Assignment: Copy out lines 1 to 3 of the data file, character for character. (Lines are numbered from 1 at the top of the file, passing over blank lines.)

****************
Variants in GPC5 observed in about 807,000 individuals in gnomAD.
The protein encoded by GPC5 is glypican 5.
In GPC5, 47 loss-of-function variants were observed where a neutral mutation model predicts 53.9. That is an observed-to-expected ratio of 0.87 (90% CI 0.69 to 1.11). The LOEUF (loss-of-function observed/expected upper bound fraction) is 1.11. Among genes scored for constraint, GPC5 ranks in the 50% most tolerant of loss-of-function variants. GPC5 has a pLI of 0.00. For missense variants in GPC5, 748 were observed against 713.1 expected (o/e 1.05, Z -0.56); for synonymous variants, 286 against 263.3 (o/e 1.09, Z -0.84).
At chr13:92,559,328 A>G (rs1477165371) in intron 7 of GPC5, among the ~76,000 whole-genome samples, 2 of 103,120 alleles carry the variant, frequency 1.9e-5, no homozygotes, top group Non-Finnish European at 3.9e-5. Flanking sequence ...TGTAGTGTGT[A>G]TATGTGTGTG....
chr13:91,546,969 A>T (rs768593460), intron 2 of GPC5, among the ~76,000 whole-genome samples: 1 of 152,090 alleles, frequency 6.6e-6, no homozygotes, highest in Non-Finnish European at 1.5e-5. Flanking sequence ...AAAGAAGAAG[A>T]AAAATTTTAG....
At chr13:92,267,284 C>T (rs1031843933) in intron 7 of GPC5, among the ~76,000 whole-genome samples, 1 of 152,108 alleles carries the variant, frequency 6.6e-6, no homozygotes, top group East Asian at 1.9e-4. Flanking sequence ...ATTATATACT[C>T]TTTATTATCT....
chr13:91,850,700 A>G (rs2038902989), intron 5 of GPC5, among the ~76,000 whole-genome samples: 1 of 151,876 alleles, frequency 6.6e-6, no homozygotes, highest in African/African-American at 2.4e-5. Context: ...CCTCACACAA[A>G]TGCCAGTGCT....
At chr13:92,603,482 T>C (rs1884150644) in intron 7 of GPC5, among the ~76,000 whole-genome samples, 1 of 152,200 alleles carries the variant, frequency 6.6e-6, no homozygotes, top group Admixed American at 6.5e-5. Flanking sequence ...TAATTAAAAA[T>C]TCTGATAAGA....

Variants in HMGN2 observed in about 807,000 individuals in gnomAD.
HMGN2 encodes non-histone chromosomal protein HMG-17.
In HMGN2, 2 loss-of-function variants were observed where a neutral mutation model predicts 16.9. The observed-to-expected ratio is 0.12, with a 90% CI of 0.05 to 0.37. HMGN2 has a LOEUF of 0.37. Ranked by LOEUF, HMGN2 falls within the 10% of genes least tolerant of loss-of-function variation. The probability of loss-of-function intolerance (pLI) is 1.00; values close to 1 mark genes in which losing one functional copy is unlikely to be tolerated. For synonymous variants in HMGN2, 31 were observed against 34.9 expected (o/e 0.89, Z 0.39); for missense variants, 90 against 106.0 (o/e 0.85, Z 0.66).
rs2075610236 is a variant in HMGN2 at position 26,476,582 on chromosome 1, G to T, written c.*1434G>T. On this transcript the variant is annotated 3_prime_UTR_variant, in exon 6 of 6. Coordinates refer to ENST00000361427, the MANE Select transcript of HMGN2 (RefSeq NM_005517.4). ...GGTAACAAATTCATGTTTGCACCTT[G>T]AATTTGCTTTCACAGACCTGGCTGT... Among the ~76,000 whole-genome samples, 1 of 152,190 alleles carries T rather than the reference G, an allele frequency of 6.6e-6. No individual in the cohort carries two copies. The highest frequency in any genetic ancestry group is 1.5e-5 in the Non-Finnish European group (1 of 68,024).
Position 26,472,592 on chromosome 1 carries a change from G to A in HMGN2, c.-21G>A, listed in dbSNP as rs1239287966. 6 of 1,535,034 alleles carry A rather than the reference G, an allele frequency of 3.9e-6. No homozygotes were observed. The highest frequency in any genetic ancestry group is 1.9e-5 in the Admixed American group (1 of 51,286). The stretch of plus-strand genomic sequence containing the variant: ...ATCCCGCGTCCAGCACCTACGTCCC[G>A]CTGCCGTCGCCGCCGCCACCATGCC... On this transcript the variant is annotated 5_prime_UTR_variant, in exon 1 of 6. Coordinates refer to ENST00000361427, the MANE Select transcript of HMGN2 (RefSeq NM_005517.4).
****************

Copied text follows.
Variants in GPC5 observed in about 807,000 individuals in gnomAD.
The protein encoded by GPC5 is glypican 5.
In GPC5, 47 loss-of-function variants were observed where a neutral mutation model predicts 53.9. That is an observed-to-expected ratio of 0.87 (90% CI 0.69 to 1.11). The LOEUF (loss-of-function observed/expected upper bound fraction) is 1.11. Among genes scored for constraint, GPC5 ranks in the 50% most tolerant of loss-of-function variants. GPC5 has a pLI of 0.00. For missense variants in GPC5, 748 were observed against 713.1 expected (o/e 1.05, Z -0.56); for synonymous variants, 286 against 263.3 (o/e 1.09, Z -0.84).